News on the Humanosphere: U.S. refugee and travel ban goes into effect

A family of Afghan asylum seekers waits to enter the Moria registration center on the Greek island of Lesbos. (Zalmai/Human Rights Watch)

At 10:30 AM Eastern time Thursday, 72 hours after the Supreme Court gave the Trump administration a rare and significant court victory, the Trump “travel ban” was legally allowed to go into effect. But zero hour for the ban — which temporarily bars some people from getting visas if they come from Iran, Libya, Somalia, Sudan, Syria, or Yemen for the next 90 days, as well as barring an untold number of refugees for 120 days — is 8 pm Eastern time, when the administration will formally put it into effect in airports around America and consular offices around the world…Only certain family members, however, will count as “bona fide” relationships. According to the State Department cable, applicants (or refugees seeking to be admitted to the US) who have a “parent (including parent-in-law), spouse, child, adult son or daughter, son-in-law, daughter-in-law, sibling” or half sibling — or a “step” version of any of those relationships (stepparent, stepchild, etc) — in the US will be approved, because that relationship counts as “bona fide.” But other relationships don’t — including grandparents and grandchildren, fiancés, aunts, uncles, nieces, nephews, and cousins. (Vox http://bit.ly/2ss2zwS)

Child mortality skyrocketing in Venezuela…More and more children in Venezuela are dying from preventable causes during a rapidly worsening health crisis, according to doctors, patients, and official and private data…Of the young patients, infants suffer most. Last year 31 Venezuelan infants died every day on average. Many were victims of diarrhea, bacterial infections and other diseases that, according to the local pediatric society, could have been prevented or easily treated. “There are vaccines and antibiotics available, but Venezuela is so lacking that these illnesses are coming back,” said Dr. Huniades Urbina, president of the Venezuelan Society of Childhood and Pediatrics. Deaths of babies younger than 1 year old jumped 30 percent in Venezuela in 2016, according to government figures. That is a stark contrast to declines across Latin America.” (VOA http://bit.ly/2t4VHb3)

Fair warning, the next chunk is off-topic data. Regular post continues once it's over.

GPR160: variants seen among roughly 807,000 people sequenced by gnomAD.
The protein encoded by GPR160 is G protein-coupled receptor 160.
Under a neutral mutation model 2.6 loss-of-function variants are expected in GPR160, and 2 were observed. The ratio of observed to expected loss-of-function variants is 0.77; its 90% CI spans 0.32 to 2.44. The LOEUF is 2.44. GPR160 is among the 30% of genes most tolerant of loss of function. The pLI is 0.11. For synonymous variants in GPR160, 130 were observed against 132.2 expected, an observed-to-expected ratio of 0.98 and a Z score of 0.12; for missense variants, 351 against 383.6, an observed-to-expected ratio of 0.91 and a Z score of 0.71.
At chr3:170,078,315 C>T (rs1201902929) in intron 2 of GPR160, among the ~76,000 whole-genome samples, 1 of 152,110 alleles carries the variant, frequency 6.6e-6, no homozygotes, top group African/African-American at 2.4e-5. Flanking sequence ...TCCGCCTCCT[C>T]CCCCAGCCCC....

Top Stories

Gunmen fired at a United Nations convoy in Libya and seized seven U.N. observers. (VOA http://bit.ly/2t4DUk4)

Thousands of children continue to be trapped in relentless violence in West Mosul’s Old City neighborhoods as the fighting heavily intensified over the past hours. (UNCIEF http://bit.ly/2sq96Ir)

Italy has threatened to stop vessels of other countries from bringing migrants to its ports. (BBC http://bbc.in/2tsG5Rv)

United Nations states struck a deal on a $7.3 billion annual peacekeeping budget, diplomats said, cutting $600 million from current costs and slicing 7.5 percent off the U.S. bill following calls by President Donald Trump to slash funding. (Reuters http://bit.ly/2u1YLV8)

An inside look at how reporters choose to cover lynchings in India. (NYT http://nyti.ms/2sWbIl8)

Malawi launched Africa’s first air corridor to test the use of drones, or Unmanned Aerial Vehicles, in humanitarian missions in partnership with UNICEF. (BBC http://bbc.in/2u1Z1nb)

More than 20,000 children across nine districts in Somalia risk starving to death in a few months unless the international community continues to provide life-saving aid to the drought-stricken country. (Save the Children http://bit.ly/2sV2QvK)

After 13 years, the UN is completing the peacekeeping phase of its engagement with Côte d’Ivoire, after successfully assisting the country in restoring peace and stability following the post-2010 election crisis. (UN News Center http://bit.ly/2sWsVuL)

The UN Refugee Agency is alarmed over a fresh incident of forced returns of refugees from Cameroon into northeast Nigeria. This follows similar incidents earlier in the year, and more recently, repeated warnings that refugees are returning to a dangerous situation in which conditions do not yet exist to make returns safe and sustainable. (UNHCR http://bit.ly/2squLQW)

Opinion/Blogs

Here’s What Trump’s Travel Ban Means for Refugees Around the World (Global Dispatches podcast http://bit.ly/2sqd2Jk)

Peace is Breaking Out in Colombia (UN Dispatch http://bit.ly/2sWLfnl)

China spent $100 billion on reforestation. So why does it have ‘green deserts’? (CSM http://bit.ly/2t4ARs5)

Brazil Needs to Look Beyond Scandal (Bloomberg View https://bloom.bg/2t4svR7)

Nikki Haley and Trump’s Doctrine of Diplomatic Chaos (Foreign Policy http://atfp.co/2skRcM2)

Mutant Strains Of Polio Vaccine Now Cause More Paralysis Than Wild Polio (NPR Goats and Soda http://n.pr/2spXTYs)

Insurance: A Valuable Incentive for Small Farmers’ Climate Resilience (IPS http://bit.ly/2sUKwTH)

5 Things to Know About Venezuela’s Political Crisis (AP http://bit.ly/2t4Jrap)

After Helicopter Attack, Venezuelans Ask, What Was That About? (NY Times http://nyti.ms/2u28cUA)

Let’s invest in mobile phone surveys to monitor crises (Africa Can End Poverty http://bit.ly/2sUY29Z)

Ending famines and chronic hunger requires good governance (Devex http://bit.ly/2sUYsgu)

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